Asked what they would do if the leagues resumed play before the development of a vaccine, 72 percent of Americans said they would not attend games, according to a survey released by Seton Hall University’s Stillman School of Business.

The poll was conducted by telephone April 6 to 8 with 762 respondents.

Twelve percent said they would if social distancing could be maintained. Only 13 percent said they would feel safe attending as in the past.  Among sports fans, the number drops to a still significant 61 percent.

The reported noted that medical experts have repeatedly put the timeline for approval of a vaccine into 2021, although they have not ruled out an existing drug proving effective for treatment this year. Seventy-four percent of Americans thought it was possible, likely or very likely, that sports would be canceled for the rest of this year.

Other findings from the study:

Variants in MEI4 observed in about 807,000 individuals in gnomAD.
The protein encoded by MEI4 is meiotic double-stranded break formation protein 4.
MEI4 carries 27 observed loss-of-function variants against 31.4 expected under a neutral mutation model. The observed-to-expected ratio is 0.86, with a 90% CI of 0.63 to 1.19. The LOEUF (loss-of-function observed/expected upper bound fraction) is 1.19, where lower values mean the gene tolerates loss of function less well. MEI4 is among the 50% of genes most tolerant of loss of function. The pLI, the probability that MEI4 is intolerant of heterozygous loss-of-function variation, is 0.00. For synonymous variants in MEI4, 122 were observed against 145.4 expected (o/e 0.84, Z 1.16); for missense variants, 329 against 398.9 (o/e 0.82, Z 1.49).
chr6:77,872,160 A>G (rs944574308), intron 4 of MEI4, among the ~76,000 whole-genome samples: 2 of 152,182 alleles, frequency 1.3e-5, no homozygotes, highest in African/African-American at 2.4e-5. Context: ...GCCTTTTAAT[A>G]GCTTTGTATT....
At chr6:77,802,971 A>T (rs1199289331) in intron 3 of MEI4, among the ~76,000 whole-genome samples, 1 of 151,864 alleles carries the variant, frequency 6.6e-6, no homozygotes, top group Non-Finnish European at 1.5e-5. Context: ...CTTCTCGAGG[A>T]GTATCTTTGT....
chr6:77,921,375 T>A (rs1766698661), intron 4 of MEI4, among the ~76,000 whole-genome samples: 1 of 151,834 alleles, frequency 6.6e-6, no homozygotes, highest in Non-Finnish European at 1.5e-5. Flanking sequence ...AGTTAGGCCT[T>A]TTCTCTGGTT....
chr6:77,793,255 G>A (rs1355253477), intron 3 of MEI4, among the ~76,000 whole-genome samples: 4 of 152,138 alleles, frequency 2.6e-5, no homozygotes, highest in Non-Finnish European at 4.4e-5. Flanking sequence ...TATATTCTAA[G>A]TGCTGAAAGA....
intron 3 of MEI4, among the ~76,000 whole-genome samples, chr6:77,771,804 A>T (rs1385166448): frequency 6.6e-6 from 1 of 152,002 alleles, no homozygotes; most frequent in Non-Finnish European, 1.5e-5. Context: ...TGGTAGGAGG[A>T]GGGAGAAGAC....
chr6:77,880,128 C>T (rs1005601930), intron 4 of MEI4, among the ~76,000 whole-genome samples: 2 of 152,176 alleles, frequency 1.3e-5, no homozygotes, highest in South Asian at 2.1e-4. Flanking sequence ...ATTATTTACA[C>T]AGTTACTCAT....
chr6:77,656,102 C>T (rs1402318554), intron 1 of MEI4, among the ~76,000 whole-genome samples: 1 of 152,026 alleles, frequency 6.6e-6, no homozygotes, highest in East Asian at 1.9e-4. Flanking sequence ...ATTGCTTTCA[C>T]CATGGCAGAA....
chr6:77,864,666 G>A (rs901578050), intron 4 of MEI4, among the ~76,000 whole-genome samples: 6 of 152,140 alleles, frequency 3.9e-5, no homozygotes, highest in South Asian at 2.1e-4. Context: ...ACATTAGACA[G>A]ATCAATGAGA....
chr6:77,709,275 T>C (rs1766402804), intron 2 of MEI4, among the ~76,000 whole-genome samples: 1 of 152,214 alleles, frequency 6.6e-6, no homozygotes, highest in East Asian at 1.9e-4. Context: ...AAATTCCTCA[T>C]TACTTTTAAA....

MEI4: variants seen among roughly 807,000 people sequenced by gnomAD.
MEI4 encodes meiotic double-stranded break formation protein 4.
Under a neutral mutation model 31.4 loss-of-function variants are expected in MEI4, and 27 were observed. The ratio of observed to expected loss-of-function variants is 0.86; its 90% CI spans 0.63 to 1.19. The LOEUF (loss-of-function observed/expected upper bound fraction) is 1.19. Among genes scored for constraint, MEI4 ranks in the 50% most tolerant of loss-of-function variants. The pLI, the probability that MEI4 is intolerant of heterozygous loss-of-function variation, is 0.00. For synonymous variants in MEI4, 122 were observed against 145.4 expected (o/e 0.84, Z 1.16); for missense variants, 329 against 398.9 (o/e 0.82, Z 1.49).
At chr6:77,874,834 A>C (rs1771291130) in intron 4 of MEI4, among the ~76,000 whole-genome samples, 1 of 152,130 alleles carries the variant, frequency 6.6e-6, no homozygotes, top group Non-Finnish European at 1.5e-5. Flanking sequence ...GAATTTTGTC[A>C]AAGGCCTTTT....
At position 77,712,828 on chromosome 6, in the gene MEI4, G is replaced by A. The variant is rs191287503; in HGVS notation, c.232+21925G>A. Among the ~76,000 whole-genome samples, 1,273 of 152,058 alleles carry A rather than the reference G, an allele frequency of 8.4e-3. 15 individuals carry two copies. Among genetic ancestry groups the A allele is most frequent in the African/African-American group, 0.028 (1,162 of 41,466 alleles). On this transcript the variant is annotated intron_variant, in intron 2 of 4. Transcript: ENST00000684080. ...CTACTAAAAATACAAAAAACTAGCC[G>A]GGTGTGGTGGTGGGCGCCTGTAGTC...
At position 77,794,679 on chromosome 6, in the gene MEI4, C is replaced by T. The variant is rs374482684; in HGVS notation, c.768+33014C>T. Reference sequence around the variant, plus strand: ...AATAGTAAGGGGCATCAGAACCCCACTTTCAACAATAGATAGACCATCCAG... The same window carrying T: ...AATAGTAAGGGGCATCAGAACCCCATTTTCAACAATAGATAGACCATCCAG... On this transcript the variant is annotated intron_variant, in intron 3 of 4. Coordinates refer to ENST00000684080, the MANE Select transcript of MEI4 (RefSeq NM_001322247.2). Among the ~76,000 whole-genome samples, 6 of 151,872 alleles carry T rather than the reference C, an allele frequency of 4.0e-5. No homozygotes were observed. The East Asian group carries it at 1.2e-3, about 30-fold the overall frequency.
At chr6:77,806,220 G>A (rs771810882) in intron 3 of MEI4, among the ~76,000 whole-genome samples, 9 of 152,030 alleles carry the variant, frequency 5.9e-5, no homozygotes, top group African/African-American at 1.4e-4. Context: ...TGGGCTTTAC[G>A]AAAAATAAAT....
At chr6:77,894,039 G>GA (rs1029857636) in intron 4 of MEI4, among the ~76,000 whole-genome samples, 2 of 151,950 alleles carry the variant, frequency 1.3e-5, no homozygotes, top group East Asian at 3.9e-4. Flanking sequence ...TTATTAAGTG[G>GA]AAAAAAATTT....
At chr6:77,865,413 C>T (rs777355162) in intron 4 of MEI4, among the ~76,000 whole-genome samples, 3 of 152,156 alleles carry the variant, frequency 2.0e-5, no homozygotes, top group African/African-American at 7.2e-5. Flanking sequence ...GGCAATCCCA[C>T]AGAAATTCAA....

• Seventy percent think the NFL should not start up to ensure the players’ safety if social distancing continues into the fall.
  • Twenty percent said the league should resume but allow the players to choose not to play, and only six percent saying the league should start up as planned.
  • Seventy-six percent said they would watch broadcasts of the games with the same interest as before with no fans present, with only 16 percent saying they would be less interested and 7 percent saying they would be more interested.
  • Seventy-six percent said sports shut down at the right time, with 16 percent saying not quickly enough and six percent saying too quickly.
  • Eighty-four percent felt the IOC acted appropriately in postponing this year’s Olympic Games to 2021, with only 14 percent saying they acted too quickly.
  • Fifty-nine percent said teams have an obligation to pay daily arena and stadium workers for time missed because of the virus. A third said no.

“This virus has the attention and respect of the nation,” noted Rick Gentile, director of the Seton Hall Sports Poll, which is sponsored by the Sharkey Institute within the Stillman School of Business.  “Those who identify as sports fans, at all levels of interest, line up closely with the general population in regard to their own safety and that of the players.”

Photo courtesy AP